Zero to sixty in 4.7 seconds comes courtesy of a turbo operating at 23 psi, the AWD locking the rear into a solid axle, revs locked at 5,000 RPM, you dumping the clutch as quickly as possible and not lifting from the gas between first and second. It’s rather entertaining.

For this kind of money–a base price of just $35,730 in the U.S.–the RS really has no competitors. Even the WRX STI, Golf R and Civic Type R can’t offer this much of both livability and performance.

I spent nearly an hour in it on a track at speed without feeling bored for a second. It’s got nice steering, all the power and brakes that will outlast you. It doesn’t go wide, lets you know exactly when those Michelins want to go on holiday, and as a road car, I just loved it even more.

A fair question at this point is reliability.

Ford says the RS was designed to handle half an hour of continuous punishment, be that in Drift mode or Track. That sounds reassuring, but when we went out for our first few laps on the track, my car gave me an engine warning message before limiting the revs, while Bill Caswell retired his with an AWD issue. Tyrone Johnson said the diffs can’t overheat, another Ford guy at the pits told us the complete opposite. It seemed fair to believe him instead.

Our second cars worked perfectly fine, but Ford admits that the RS’s Twinster system is pretty close to its limits handling 350 horses and 350 foot pounds already, so in case you’re planning to go aftermarket and increase the power further without beefing up the drivetrain, expect to get some shredded metal with your voided warranty.

And what if Ford made an even faster, hotter Focus RS? It will have to have bigger gears as well as a turbo, that’s for sure.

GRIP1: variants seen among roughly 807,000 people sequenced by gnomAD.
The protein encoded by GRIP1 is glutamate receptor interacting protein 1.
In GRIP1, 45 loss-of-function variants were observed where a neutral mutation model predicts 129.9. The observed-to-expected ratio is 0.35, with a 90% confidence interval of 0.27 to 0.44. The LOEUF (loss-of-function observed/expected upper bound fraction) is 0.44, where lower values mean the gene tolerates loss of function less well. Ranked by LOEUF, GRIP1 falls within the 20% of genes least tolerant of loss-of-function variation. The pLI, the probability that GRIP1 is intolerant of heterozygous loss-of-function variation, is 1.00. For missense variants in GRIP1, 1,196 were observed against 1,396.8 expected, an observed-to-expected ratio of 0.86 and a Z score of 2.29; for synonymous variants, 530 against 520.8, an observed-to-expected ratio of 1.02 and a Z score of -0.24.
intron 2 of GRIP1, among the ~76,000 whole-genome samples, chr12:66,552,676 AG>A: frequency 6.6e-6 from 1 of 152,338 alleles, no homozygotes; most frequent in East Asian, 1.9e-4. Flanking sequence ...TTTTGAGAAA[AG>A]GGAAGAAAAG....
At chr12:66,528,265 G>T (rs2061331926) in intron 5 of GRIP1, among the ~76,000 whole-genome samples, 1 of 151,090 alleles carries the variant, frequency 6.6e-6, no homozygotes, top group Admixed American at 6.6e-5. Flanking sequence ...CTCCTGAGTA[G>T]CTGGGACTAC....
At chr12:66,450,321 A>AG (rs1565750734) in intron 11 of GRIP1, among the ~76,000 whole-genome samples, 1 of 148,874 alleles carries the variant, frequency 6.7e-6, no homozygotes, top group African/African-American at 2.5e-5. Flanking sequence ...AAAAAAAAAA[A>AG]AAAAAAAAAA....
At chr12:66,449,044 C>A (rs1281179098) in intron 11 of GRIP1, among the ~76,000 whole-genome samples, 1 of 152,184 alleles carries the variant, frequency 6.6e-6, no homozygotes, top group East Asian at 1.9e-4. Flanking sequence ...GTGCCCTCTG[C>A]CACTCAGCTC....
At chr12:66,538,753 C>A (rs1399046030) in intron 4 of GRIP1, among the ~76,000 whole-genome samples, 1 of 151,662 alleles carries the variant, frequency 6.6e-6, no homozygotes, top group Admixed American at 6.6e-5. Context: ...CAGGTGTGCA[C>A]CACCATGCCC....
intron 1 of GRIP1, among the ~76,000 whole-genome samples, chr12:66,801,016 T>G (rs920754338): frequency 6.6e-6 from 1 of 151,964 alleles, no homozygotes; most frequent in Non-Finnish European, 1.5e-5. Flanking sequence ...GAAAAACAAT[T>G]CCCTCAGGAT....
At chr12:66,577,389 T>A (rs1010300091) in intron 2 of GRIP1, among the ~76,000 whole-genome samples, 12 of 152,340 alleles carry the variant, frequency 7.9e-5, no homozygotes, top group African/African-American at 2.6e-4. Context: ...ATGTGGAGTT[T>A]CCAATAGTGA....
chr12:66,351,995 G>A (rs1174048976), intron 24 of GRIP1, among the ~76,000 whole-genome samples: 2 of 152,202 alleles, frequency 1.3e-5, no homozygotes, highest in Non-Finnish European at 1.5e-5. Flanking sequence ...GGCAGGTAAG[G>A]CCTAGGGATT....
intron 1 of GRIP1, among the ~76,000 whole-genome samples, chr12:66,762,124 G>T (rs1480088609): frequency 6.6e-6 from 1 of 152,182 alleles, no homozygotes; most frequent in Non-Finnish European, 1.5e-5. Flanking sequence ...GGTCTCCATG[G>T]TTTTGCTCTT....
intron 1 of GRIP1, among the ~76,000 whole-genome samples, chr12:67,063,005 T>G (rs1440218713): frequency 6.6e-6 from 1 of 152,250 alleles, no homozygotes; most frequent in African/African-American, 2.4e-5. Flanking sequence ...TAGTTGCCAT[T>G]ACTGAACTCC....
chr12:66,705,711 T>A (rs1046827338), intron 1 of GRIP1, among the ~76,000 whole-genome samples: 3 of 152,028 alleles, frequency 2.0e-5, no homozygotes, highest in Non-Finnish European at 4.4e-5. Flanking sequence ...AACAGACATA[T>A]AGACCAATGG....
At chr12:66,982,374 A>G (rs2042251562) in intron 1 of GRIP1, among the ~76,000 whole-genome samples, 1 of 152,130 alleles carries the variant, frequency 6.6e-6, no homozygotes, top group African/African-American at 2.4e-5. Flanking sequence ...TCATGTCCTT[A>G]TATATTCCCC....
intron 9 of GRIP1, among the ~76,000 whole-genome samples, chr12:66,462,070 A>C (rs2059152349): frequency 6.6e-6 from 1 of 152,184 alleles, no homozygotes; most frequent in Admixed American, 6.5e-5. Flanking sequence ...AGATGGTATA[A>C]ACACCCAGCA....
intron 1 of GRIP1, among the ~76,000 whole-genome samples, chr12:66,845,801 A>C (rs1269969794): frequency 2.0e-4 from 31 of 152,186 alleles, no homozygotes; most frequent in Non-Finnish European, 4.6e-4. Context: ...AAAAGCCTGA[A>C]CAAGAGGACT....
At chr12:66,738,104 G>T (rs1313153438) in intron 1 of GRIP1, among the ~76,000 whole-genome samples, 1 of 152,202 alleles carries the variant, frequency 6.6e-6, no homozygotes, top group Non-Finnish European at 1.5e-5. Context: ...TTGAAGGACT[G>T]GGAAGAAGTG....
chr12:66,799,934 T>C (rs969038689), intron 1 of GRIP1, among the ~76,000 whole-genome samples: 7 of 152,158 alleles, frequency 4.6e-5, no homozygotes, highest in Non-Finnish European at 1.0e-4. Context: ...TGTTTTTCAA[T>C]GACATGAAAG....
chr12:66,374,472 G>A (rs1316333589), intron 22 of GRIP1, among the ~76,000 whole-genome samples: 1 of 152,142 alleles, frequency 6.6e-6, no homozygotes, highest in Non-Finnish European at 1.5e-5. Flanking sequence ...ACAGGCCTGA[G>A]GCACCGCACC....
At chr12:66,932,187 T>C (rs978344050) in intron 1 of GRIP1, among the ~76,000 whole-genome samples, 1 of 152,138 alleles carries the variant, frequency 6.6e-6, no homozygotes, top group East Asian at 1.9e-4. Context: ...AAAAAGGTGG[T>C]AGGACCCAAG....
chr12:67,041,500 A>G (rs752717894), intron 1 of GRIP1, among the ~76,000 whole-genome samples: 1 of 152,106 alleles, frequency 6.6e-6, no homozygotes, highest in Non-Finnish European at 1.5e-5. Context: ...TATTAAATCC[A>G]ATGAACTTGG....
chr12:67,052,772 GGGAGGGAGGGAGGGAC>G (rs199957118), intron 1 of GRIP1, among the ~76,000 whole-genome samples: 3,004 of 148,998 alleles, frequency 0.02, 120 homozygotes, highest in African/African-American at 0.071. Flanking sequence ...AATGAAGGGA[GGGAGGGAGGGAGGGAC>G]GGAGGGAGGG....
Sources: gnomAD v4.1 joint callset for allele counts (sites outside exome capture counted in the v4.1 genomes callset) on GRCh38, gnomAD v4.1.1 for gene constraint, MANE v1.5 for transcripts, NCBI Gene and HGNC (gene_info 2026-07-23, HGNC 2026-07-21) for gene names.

The 2016 Ford Focus RS, will all of its 345 horses, isn’t even on sale yet, but already there’s…

In the meantime, I would buy just this regular one in a heartbeat. There is nothing it cannot do (except maybe go off road like a WRC car. Maybe.)

Meet God in hatchback form.

The 2016 Ford Focus RS Is God In Hatchback Form
 

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Well that's a decent review. But sad he said the twinster is at its max power capabilities.
 

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God, bae, whatever you want to call it.....me want NOW!

Also, good point about the drivetrain being near its limits. Bound to be a few people who go too heavy on the power tuning.
 

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...Ford admits that the RS’s Twinster system is pretty close to its limits handling 350 horses and 350 foot pounds already, so in case you’re planning to go aftermarket and increase the power further without beefing up the drivetrain, expect to get some shredded metal with your voided warranty.
This is the first I've red about this anywhere
 

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its been said before though that it limits itself. so if you add power it would just hypothetically be adding power to the front which wont be a horrible thing. it will be more like a haldex under certain circumstances?? and with everyone complaining the AWD system is already handling as much or more power to the rear axle then most modded STis etc..
 

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This is the first I've red about this anywhere
There was a guy on NAISOC who said he was an engineer from GKN and that the AWD system was pretty much at limit. The takeway seemed to be that any more torque would only get sent to the front wheels.

Scooby921 is the poster. I'm not sure where it's mentioned but it's somewhere in the 300 pages of this thread. gl;hf
2016 Ford Focus RS - Page 136 - NASIOC
 

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There was a guy on NAISOC who said he was an engineer from GKN and that the AWD system was pretty much at limit. The takeway seemed to be that any more torque would only get sent to the front wheels.

Scooby921 is the poster. I'm not sure where it's mentioned but it's somewhere in the 300 pages of this thread.
2016 Ford Focus RS - Page 136 - NASIOC
Thanks for finding the link. I remember that post being a talking point months ago, but I think this is the first time it's been widely published.
 

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This car is going to be a blast :triumphant: